If you’ve been keeping track of this series, you’re well on your way to crafting a strategic SEO (define) plan for your Web site.
In the part one, we established benchmarks with which we can monitor SEO campaign’ success. With benchmarks and demonstrable data in place, we moved on to part two — our site-o-analysis — and set up a spreadsheet to help analyze and score a Web site’s architecture, URL structure, and linking structure.
In part three, we reviewed the site’s navigation, page templates, cascading style sheets, and secondary page structures in search of opportunities to establish keyword themes throughout the site. We assessed the site’s score for linking and navigation on a scale of 0-10 and set up rows in our spreadsheet for top navigation, left and right navigation, breadcrumbs, footers, the site map, and other linking elements, such as banner ads, tags, and related informational links.
Finally, we examined a site’s overall keyword visibility and assessed scores for the site’s title tags, headings, body text, and meta tags to grow our understanding of how these elements contribute to establishing well trafficked keyword themes.
When you review the scores for each major SEO site element, you should see a pattern. If the site is Flash intensive, for example, you probably realized indexation levels are low and scored the site accordingly. If your site is driven by dynamic URLs, you probably realized your site had way too many pages indexed, and few rank well in the search engines.
Recognizing patterns in Web site analysis is the key for setting SEO priorities. Low scores in indexation levels, site architecture, URLs, and navigation often require immediate attention, particularly if your site goes into a code freeze during peak sales seasons.
If a September Web site lockdown is on the horizon, you have about three months to get the technical side of your site fine-tuned for the holiday sales season. Sit down immediately with the tech and design teams to devise a strategy for implementing your recommendations.
There will always be some pushback as to what can be done immediately and efficiently. Set priorities and get workarounds in place. You may need to bring extra people on board for the project’s duration. Don’t let technical challenges set your program back. Try to wrap incentives around the SEO program for the entire team to make your priorities their priorities.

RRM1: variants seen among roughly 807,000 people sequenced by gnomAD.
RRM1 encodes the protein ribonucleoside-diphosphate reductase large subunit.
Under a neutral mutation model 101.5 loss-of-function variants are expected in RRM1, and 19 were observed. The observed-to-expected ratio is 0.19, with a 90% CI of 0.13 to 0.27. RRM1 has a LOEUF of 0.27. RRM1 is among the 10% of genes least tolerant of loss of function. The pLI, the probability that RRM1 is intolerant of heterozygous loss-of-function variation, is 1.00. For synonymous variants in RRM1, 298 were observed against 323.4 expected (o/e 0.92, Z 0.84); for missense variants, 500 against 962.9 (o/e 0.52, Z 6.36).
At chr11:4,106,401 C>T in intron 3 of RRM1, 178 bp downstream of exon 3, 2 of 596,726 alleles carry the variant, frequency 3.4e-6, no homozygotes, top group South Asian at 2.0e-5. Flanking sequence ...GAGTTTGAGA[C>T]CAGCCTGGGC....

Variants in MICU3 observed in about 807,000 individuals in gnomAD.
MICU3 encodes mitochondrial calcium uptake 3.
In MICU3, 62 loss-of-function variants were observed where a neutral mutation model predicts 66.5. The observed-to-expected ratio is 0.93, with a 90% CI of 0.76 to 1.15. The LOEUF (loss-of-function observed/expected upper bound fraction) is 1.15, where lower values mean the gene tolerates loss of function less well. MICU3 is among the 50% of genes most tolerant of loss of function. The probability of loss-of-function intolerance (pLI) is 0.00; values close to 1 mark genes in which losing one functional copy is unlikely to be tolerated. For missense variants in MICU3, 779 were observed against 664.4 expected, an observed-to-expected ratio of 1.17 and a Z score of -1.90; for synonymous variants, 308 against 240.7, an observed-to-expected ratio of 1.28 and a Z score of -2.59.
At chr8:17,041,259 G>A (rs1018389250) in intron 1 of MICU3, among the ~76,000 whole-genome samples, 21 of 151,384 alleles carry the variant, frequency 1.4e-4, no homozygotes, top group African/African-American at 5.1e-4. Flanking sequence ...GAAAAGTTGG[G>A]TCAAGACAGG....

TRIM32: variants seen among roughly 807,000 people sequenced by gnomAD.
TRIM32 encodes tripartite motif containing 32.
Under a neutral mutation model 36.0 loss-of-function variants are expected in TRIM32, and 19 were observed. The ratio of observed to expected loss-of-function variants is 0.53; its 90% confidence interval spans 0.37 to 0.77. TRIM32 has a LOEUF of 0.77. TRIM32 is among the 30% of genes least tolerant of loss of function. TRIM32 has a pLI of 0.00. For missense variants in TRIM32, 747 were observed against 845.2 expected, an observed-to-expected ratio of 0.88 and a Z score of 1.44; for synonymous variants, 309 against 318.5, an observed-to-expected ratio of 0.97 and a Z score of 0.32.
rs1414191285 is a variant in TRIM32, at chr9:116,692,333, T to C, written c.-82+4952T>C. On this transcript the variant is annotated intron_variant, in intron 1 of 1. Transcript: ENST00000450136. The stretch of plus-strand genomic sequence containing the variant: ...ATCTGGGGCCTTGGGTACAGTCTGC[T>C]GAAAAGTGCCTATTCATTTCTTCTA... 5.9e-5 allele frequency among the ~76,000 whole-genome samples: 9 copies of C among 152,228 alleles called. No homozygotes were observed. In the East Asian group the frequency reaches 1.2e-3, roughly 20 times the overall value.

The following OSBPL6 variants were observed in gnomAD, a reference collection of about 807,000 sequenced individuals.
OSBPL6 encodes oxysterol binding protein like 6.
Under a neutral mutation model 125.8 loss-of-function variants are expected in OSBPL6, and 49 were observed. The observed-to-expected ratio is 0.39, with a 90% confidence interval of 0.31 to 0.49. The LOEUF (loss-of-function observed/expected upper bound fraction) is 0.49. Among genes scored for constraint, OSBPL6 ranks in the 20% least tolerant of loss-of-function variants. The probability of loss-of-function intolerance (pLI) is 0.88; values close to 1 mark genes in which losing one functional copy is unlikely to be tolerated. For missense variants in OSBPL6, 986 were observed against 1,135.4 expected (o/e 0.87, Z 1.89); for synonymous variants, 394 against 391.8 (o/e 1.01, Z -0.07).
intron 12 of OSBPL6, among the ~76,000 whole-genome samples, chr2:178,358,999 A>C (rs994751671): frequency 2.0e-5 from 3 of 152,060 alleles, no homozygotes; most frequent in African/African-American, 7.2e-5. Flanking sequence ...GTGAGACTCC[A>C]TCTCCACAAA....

If technical barriers aren’t a priority, your site must be pretty well indexed and is probably ranking for some important keywords and keyword phrases. These keyword themes are revealed by your Web analytics program and should show which search engines refer what traffic to your site for particular words and phrases.
It’s fabulous if these search engine referrals are on topic and driving revenue through your site. If the words and phrases are off topic, you’d better dive into your keyword research to determine how your site can be realigned around keyword themes. Prioritize your site’s content and route the SEO implementation plan through those elements that can heighten your search engine visibility. In other words, get those keywords on your site’s pages if you want to be found for particular themes.
You may have to complete title tag rewrites, create header tag hierarchies, or incorporate breadcrumbs in templates used throughout the site. Your team may have to rewrite, edit, or add content; automate meta description functionality; or even adjust the site’s navigation. Crafting great content takes time and money. Plan for this portion of the SEO campaign accordingly to achieve your desired results.
If you completed a thorough site analysis and only found a few nits with the structure or content, you’re ready to move on to link building. Everyone (excepting Paris Hilton) can never be too rich or too thin. The same goes for your site’s inbound links.
Get RSS feeds set up for auto-discovery. Supplement newsletters with link bait. Explore every element of your business practices and partnerships to build on established, interlinked relationships.
Go viral with your audio and video and make certain all vertical search entities are exploited. Implement a long-term link building strategy and take your site to new heights of search engine visibility, using feeds, local directories, mobile search engines, shopping engines, social sites, and press releases.
You can never have too many on-topic, keyword-rich anchor text links pointing deeply into your site. Just be careful about how you obtain these links as you continue to naturally accrue them into your site’s history.
Join us for Search Engine Watch Live on May 9 in Ohio.
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There is of course a lot of discussion about content and what does and doesn't work online. Is long-form the key? Does short-form content have a role to play? Are there other factors at play?
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